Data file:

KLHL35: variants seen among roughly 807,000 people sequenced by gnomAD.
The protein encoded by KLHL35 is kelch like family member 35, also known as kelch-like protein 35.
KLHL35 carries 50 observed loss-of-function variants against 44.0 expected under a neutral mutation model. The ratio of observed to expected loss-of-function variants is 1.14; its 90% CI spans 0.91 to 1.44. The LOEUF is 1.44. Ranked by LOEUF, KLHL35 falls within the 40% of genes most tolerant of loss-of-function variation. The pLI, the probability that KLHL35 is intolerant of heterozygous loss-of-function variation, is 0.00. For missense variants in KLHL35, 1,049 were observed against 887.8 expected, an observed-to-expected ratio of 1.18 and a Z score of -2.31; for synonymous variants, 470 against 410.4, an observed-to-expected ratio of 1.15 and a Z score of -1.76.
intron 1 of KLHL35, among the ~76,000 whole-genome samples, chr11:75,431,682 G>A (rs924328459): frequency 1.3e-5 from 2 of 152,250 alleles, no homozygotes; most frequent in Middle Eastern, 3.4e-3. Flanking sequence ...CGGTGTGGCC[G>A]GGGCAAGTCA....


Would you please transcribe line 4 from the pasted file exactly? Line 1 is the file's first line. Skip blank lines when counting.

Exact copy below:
intron 1 of KLHL35, among the ~76,000 whole-genome samples, chr11:75,431,682 G>A (rs924328459): frequency 1.3e-5 from 2 of 152,250 alleles, no homozygotes; most frequent in Middle Eastern, 3.4e-3. Flanking sequence ...CGGTGTGGCC[G>A]GGGCAAGTCA....